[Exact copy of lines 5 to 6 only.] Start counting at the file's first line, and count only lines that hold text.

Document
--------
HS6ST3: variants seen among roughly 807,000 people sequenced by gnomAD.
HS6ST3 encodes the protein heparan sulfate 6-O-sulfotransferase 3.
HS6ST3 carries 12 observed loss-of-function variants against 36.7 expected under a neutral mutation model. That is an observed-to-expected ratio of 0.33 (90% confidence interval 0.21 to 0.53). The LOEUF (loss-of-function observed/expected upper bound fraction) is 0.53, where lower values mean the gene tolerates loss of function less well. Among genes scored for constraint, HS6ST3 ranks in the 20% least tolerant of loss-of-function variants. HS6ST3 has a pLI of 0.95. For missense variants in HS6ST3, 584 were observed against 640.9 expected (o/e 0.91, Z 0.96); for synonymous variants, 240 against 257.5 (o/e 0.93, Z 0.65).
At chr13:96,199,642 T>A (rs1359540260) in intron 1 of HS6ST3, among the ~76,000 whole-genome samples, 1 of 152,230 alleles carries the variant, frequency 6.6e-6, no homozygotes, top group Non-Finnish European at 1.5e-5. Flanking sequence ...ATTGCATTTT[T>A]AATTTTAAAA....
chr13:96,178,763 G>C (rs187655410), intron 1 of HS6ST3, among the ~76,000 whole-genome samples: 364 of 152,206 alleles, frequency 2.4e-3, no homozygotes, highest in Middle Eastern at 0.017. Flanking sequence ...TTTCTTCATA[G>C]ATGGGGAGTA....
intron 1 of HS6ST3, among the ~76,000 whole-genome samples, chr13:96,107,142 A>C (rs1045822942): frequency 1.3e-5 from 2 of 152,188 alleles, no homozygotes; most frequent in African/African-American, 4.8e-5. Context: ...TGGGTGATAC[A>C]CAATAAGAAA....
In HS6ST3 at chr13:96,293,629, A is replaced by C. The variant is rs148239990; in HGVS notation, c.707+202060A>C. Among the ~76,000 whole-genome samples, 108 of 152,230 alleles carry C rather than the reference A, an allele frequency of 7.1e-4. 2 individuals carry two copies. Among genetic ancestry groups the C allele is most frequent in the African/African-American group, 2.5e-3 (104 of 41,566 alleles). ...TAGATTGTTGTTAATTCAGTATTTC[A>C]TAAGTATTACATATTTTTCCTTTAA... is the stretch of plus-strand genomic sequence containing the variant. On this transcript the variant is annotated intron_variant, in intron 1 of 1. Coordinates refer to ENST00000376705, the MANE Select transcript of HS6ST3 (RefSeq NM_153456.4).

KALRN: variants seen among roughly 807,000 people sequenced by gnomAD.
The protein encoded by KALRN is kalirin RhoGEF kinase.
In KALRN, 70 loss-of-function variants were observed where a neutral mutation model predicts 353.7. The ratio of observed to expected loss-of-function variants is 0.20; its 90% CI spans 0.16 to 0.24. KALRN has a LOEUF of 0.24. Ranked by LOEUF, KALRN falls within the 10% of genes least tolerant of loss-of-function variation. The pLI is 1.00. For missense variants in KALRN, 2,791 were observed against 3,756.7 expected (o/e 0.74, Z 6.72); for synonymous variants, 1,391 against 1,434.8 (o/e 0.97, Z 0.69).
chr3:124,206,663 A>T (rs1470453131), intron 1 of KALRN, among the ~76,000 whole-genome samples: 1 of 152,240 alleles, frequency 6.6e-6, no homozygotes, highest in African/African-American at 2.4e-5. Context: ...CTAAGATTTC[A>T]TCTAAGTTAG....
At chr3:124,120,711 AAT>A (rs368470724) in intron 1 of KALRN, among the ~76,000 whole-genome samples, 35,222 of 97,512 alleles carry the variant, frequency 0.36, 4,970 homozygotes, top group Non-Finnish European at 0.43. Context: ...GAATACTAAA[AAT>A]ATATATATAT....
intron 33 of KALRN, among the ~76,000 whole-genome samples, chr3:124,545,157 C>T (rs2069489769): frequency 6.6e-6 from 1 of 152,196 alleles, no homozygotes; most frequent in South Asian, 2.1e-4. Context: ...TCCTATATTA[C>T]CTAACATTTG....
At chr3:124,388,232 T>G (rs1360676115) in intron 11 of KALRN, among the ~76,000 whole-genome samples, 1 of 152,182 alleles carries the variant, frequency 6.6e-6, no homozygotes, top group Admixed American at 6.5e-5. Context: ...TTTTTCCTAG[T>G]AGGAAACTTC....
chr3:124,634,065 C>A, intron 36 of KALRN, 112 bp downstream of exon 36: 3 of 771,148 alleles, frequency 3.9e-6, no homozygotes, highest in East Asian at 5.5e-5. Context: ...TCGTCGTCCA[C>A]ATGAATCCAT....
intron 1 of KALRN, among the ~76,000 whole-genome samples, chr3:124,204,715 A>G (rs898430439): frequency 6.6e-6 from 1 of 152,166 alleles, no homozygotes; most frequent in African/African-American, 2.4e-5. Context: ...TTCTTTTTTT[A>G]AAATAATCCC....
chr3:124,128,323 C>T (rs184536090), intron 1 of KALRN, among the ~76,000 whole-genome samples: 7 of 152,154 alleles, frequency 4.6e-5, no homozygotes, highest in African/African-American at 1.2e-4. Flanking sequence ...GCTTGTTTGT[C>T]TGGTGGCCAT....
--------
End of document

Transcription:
chr13:96,178,763 G>C (rs187655410), intron 1 of HS6ST3, among the ~76,000 whole-genome samples: 364 of 152,206 alleles, frequency 2.4e-3, no homozygotes, highest in Middle Eastern at 0.017. Flanking sequence ...TTTCTTCATA[G>C]ATGGGGAGTA....
intron 1 of HS6ST3, among the ~76,000 whole-genome samples, chr13:96,107,142 A>C (rs1045822942): frequency 1.3e-5 from 2 of 152,188 alleles, no homozygotes; most frequent in African/African-American, 4.8e-5. Context: ...TGGGTGATAC[A>C]CAATAAGAAA....